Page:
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George W. Bush: Militant Theocrat

Gary Sloan

In conducting its martial affairs, America has a venerable history of enlisting the aid of Providence. The New England Puritans considered themselves the new Chosen People, successors to the biblical Israelites. Were they obedient to the Lord's commandments, steadfast in service and profuse in supplication, the Almighty would reciprocate by enabling them to vanquish their enemies just as he had done for Moses, Joshua, Samuel, David, and other embattled Old Testament patriarchs.

In Of Plymouth Plantation, William Bradford recounts how Providence empowered 50 Pilgrims to dispatch 400 Pequot Indians by setting fire to the fort in which they were sleeping: "It was a fearful sight to see them thus frying in the fire and the streams of blood quenching the same, and horrible was the stink and scent thereof; but the victory seemed a sweet sacrifice, and they gave the praise thereof to God, who had wrought so wonderfully for them, thus to enclose their enemies in their hands and give them so speedy a victory over so proud and insulting an enemy."

In the sermon "A Model of Christian Charity," delivered aboard the Arbella en route to the new world, John Winthrop, later governor of the Massachusetts Bay Colony, assured his fellow emigrants that unstinting piety would assure them a favored-nation status with the Almighty and allow them to rout numerically superior foes: "The Lord will be our God, and delight to dwell among us as His own people, and will command a blessing on us in all ways, that ten of us shall be able to resist a thousand of our enemies."

The Puritans perceived their enemies as agents of Satan, who incessantly plotted to stymie the divinely-ordained diffusion of Christianity. "The New Englanders," noted Puritan chronicler Cotton Mather in Wonders of the Invisible World, "are a people of God settled in those which were once the devil's territories; and it may easily be supposed that the devil was exceedingly disturbed when he perceived such a people here accomplishing the promise of old made unto our blessed Jesus that He should have the utmost parts of the earth for His possessions. The devil thus irritated, immediately tried all sorts of methods to overturn this poor plantation."

For a variety of reasons--respect for the constitutional separation of church and state, deference to cultural pluralism, political expediency, modesty, uncertainty--American presidents have generally toned down the theocratic proclamations of their Puritan forbears. Most have been content to attend church, consult ministers, tout faith, and publicly thank God for American prosperity, freedom, and democracy.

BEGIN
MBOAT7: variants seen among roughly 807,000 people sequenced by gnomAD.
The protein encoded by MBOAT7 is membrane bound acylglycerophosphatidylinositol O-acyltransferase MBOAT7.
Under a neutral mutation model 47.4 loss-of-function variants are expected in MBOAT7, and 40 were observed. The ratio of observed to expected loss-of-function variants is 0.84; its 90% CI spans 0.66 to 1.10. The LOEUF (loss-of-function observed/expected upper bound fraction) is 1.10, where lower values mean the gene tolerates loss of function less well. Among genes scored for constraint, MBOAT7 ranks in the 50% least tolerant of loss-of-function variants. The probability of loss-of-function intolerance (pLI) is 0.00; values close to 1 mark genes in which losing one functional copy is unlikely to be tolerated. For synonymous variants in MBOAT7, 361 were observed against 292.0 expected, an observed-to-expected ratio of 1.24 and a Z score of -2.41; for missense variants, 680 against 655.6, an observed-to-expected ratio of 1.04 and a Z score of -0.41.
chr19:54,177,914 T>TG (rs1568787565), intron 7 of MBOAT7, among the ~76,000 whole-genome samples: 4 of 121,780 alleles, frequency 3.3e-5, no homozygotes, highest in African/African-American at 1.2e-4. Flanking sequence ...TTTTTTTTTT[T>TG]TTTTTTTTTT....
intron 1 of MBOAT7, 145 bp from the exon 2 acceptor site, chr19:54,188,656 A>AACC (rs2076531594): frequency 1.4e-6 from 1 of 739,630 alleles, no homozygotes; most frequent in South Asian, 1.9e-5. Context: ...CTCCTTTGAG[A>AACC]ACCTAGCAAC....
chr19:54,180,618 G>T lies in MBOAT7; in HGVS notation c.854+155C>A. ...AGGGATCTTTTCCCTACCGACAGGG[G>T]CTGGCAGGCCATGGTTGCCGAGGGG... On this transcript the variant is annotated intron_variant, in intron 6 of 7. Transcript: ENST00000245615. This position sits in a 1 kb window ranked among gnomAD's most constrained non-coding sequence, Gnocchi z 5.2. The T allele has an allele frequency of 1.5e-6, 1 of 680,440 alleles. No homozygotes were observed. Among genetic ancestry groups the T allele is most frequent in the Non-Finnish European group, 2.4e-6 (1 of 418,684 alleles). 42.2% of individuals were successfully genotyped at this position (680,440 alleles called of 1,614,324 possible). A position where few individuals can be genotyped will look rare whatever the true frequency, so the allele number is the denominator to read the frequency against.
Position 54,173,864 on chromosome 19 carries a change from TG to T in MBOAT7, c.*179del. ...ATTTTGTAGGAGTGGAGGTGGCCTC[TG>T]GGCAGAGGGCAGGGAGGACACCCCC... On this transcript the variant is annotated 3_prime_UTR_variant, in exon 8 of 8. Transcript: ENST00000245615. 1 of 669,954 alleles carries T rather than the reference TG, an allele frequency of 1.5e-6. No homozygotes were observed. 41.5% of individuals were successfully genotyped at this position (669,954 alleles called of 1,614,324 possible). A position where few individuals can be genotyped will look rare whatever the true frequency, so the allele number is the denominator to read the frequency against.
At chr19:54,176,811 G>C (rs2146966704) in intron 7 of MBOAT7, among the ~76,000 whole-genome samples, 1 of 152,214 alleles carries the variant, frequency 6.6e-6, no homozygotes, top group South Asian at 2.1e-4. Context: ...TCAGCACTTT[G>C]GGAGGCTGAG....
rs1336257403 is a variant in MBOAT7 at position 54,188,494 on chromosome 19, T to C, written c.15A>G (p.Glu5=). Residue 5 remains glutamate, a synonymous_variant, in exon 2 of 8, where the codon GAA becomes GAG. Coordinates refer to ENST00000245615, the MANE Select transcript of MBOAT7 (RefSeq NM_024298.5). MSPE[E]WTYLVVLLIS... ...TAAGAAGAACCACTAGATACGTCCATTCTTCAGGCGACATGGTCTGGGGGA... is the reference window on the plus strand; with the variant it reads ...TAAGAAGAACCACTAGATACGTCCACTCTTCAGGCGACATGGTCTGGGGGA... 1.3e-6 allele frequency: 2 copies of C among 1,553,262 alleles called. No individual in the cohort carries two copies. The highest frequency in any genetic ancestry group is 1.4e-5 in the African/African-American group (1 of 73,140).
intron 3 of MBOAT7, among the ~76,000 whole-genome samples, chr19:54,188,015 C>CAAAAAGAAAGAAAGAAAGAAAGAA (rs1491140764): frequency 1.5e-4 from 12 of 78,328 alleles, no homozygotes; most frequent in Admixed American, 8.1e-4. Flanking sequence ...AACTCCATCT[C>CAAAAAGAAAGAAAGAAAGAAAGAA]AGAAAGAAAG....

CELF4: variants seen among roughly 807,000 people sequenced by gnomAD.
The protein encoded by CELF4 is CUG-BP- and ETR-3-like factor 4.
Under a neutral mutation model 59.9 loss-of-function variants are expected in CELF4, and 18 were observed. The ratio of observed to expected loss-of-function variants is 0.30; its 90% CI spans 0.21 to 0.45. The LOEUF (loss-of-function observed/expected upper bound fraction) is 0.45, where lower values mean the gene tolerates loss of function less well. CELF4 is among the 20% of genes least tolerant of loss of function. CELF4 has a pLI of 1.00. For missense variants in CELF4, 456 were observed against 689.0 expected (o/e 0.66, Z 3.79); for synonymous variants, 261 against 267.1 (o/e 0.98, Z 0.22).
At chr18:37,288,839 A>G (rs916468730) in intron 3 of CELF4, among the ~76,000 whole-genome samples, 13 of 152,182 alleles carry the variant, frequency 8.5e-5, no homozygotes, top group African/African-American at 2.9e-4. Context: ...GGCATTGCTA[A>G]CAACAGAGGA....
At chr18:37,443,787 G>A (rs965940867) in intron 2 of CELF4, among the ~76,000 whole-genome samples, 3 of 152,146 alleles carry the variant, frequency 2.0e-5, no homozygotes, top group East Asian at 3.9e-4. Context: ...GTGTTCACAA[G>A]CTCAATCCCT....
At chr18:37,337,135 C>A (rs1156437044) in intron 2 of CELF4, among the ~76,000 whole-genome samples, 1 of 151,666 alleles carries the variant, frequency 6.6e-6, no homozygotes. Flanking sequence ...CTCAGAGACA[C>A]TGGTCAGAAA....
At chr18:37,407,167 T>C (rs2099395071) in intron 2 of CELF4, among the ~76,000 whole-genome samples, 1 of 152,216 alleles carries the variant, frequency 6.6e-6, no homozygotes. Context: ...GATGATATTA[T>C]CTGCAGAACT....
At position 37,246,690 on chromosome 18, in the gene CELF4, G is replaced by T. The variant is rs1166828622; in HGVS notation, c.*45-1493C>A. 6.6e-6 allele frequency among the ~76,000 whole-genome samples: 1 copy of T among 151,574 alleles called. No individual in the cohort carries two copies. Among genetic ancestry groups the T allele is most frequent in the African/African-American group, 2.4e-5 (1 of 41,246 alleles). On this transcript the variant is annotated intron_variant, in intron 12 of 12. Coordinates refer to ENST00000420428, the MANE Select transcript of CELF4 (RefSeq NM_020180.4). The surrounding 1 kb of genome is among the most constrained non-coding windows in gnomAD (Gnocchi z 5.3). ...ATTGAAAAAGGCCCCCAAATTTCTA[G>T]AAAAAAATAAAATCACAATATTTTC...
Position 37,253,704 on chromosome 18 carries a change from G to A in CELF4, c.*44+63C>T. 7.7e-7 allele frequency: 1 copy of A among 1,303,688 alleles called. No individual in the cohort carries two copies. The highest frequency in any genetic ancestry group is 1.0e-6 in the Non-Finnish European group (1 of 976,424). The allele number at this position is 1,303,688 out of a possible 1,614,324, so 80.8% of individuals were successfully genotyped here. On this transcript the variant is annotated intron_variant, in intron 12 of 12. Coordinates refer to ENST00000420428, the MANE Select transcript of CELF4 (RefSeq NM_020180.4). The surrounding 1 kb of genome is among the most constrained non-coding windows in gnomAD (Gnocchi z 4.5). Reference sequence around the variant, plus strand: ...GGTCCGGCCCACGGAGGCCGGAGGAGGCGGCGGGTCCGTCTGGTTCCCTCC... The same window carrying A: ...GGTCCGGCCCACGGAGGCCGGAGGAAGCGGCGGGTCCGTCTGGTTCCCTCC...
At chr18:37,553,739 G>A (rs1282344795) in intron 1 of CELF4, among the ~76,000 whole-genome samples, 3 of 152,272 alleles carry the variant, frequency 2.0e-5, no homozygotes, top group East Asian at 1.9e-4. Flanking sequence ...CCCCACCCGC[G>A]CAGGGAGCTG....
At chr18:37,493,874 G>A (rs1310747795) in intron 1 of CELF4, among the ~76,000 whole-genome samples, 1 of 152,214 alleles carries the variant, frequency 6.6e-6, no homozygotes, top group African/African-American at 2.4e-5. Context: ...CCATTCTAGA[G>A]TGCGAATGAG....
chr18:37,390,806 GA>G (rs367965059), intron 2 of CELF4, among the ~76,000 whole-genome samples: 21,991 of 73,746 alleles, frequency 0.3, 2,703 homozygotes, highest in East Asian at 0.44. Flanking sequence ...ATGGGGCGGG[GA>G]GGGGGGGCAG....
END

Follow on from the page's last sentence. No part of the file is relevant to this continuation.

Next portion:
The current occupant of the Oval office is a striking exception. President Bush often sounds like a Puritan theocrat. In 2001, after the horrific events of Sept. 11, he told reporters: "Our nation was chosen by God and mandated by history to serve as a model of justice."

Bush envisions the world as a moral battleground between Good and Evil, the powers of Light pitted against the powers of Darkness. In a radio address on March 30, 2002, he said: "We place our sorrows and cares before him, seeking God's mercy. We can be confident that evil may be present and it may be strong, but it will not prevail. We are assured that history is of moral design. Justice and cruelty have always been at war, and God is not neutral between them. His purposes are often defied, but never defeated."

In a 2002 speech in Knoxville, Bush specified how to deal with evildoers: "The best way to fight evil is to do some good. Let me qualify that--the best way to fight evil at home is to do some good. The best way to fight them abroad is to unleash the military."

When militant nationalism is bolstered by religious fervor, the world has reason to be leery. When heads of state view themselves as instruments of the divine will, they tend to be oblivious to mere human opinion, particularly when it differs from their own, since those who have God on their side always (as Henry David Thoreau said) constitute a majority of one. To the anointed, wars are holy crusades. Supporters become saints, protesters reprobates. The virtuous cannot fail to see where simple truth and goodness lie. To squash the foreign devil, collateral damage of cataclysmic magnitude becomes justifiable devastation of infrastructures, wrecking of world markets, maiming and killing of the innocent.

To the soldier of the Lord, every war seems winnable. With God as ally, how can one fail? Ask Richard the Lion-Hearted. As George W. Bush should know, the Lord sometimes moves in mysterious ways. Victories become defeats and defeats victories.


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Published:
  2003-03-17

Categories:
  Not Categorized.

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